AUTHOR: Philip Jose Farmer, after J.H. Rosny Aine
175 pages, Daw Books, ISBN 9780879972257
1976 paperback edition, cover price $1.25 (I got my copy for $3.00 at a used bookstore)
PREMISE: (back cover copy) Somewhere in the unexplored heart of Africa a part of this Earth had been taken over by an intelligence from outer space. Such was the message that reached the explorer Hareton Ironcastle, member of the famous Baltimore Gun Club. In that hidden and transformed valley would now be found monsters and pre-humans not to be seen anywhere else.
Such a challenge could not be ignored, and the account of Ironcastle’s expedition of daring but inexperienced amateurs became one of the classic novels of the French writer J.H. Rosny, who was a contemporary of Verne, Wells, and Edgar Rice Burroughs. Now Philip Jose Farmer, Hugo winner and chronicler of the adventures of Tarzan and Doc Savage, has translated and retold Rosny’s novel, making it a marvel adventure novel to stand alongside the works of Burroughs, Haggard and Farmer himself.
MY RATING: 4 out of 5 stars
MY THOUGHTS: In the early 1970’s, science fiction grandmaster and pulp adventure aficionado Philip Jose Farmer realized that French author J.H. Rosny Aine’s 1922 novel L’Etonnante Aventure de Hareton Ironcastle had never been translated into English, and so he set out to repair that oversight. What Farmer gave us, by all accounts, is more adaptation than direct translation (I’m pretty sure, for instance, that the Rosny original didn’t mention Doc Savage, as that august personage did not debut in print until 1933; I also wonder if Rosny mentioned Verne’s Baltimore Gun Club), but 40+ years later, Farmer’s long out-of-print version still seems to be the only account of Hareton’s adventure that we have in English. (EDIT TO ADD: After hitting "publish," I was made aware that Black Coat Press has a collection of three of Rosny's works translated into English by Brian Stableford entitled THE MYSTERIOUS FORCE, which includes Ironcastle. It can be purchased at the Black Coat Press website.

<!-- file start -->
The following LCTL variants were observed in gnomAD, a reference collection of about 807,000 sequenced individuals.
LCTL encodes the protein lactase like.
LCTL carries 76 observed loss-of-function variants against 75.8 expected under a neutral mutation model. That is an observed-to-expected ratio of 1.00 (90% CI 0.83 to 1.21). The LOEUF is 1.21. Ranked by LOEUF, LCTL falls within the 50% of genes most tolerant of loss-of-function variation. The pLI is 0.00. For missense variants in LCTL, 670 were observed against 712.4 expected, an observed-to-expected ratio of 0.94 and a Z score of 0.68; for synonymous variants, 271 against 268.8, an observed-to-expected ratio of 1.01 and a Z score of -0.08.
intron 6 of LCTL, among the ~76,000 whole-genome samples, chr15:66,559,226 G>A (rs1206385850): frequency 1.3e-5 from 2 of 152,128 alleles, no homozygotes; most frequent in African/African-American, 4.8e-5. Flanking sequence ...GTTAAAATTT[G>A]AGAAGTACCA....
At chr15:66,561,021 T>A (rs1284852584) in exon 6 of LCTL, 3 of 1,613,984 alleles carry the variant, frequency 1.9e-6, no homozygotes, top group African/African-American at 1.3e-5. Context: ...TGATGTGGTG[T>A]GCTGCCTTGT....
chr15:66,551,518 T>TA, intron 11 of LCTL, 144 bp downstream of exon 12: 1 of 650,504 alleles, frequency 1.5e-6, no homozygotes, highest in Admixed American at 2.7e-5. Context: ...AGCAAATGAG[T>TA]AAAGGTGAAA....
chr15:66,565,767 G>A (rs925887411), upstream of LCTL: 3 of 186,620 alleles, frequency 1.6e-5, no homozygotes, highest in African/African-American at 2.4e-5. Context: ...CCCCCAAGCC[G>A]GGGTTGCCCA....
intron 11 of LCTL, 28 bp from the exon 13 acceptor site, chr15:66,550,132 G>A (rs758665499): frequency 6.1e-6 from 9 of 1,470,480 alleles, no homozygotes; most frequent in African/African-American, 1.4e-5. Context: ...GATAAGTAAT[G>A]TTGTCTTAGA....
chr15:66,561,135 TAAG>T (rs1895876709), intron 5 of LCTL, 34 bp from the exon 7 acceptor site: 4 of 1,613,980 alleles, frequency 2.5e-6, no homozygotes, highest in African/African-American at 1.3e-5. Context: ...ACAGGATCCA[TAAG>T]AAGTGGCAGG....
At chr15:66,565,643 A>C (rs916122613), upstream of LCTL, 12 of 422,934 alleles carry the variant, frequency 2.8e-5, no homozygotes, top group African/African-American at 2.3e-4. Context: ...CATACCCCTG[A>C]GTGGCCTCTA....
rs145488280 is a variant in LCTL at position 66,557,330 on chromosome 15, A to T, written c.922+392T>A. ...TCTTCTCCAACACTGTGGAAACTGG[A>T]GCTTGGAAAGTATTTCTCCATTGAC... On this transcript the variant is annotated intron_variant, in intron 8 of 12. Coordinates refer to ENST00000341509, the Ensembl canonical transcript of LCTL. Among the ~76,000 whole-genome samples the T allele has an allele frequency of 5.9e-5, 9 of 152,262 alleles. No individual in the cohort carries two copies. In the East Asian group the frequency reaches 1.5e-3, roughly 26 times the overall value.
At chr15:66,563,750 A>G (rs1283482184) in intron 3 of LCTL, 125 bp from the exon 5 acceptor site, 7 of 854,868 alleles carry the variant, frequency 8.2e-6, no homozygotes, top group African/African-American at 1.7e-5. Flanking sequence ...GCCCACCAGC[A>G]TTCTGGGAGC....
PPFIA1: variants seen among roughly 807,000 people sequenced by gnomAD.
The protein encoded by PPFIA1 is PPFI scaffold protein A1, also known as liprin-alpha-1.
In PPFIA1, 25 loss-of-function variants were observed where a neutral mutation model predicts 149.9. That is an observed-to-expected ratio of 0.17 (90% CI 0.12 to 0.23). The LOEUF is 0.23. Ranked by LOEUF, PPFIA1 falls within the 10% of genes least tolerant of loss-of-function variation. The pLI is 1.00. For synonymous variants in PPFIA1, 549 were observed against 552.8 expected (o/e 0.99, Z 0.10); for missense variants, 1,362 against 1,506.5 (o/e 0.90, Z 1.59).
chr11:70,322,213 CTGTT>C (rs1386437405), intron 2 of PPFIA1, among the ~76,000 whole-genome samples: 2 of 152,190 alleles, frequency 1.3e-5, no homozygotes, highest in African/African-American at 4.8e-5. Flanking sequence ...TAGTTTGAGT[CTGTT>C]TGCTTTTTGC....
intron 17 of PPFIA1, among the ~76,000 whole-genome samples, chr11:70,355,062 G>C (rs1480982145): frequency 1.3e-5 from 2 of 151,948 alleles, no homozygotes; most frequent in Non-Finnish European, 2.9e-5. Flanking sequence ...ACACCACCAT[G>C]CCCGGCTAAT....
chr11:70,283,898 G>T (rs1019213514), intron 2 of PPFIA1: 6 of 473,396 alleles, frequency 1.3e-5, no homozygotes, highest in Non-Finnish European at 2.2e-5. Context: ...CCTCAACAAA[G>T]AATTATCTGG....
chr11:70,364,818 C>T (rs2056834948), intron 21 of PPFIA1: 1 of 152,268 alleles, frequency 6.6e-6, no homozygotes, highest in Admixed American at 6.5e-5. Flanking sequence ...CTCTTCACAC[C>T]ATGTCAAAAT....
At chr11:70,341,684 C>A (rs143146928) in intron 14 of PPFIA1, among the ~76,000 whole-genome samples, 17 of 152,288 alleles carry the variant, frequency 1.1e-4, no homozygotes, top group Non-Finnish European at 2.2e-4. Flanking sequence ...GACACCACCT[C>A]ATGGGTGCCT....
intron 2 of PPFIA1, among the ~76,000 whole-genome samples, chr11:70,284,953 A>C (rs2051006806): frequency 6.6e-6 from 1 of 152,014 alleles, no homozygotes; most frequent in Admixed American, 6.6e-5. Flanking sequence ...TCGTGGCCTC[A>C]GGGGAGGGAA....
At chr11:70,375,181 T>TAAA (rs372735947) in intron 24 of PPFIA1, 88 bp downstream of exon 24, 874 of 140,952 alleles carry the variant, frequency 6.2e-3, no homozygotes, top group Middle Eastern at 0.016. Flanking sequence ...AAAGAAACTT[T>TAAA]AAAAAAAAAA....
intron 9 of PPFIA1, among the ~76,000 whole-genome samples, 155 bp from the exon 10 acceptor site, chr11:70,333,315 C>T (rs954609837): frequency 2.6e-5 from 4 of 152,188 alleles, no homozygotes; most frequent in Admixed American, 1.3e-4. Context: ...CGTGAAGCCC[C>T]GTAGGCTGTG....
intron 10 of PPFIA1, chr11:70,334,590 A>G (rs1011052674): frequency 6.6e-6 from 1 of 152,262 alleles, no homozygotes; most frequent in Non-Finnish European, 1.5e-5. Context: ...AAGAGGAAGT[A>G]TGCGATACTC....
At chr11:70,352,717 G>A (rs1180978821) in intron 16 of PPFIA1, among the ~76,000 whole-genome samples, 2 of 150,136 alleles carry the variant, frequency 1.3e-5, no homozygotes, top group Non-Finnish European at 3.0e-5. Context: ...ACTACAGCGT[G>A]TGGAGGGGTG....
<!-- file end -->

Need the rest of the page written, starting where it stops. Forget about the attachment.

And what a fun adventure it is, for lovers of pulp adventure and “lost world” type stories. If you love Doyle’s The Lost World, the various Tarzan stories featuring Opar and such cities, or even more recent fare such as Marvel Comics’ Savage Land or DC Comics’ land of Skartaris (from Mike Grell’s Warlord series, which DC really needs to collect in nice trade or hardcover editions, but I digress…), then you’re bound to enjoy Ironcastle.
Unlike the Doyle, Marvel and DC hidden lands, the transformed piece of Africa Ironcastle explores with his inexperienced but intrepid team doesn’t heavily feature dinosaurs .Instead, we get mutated humans, great apes, animals, and plant life in a setting that becomes increasingly more dangerous and unfamiliar the deeper into the heart of it Ironcastle travels. The descriptions of the flora and fauna are so detailed the reader can’t help but feel right in the midst of things.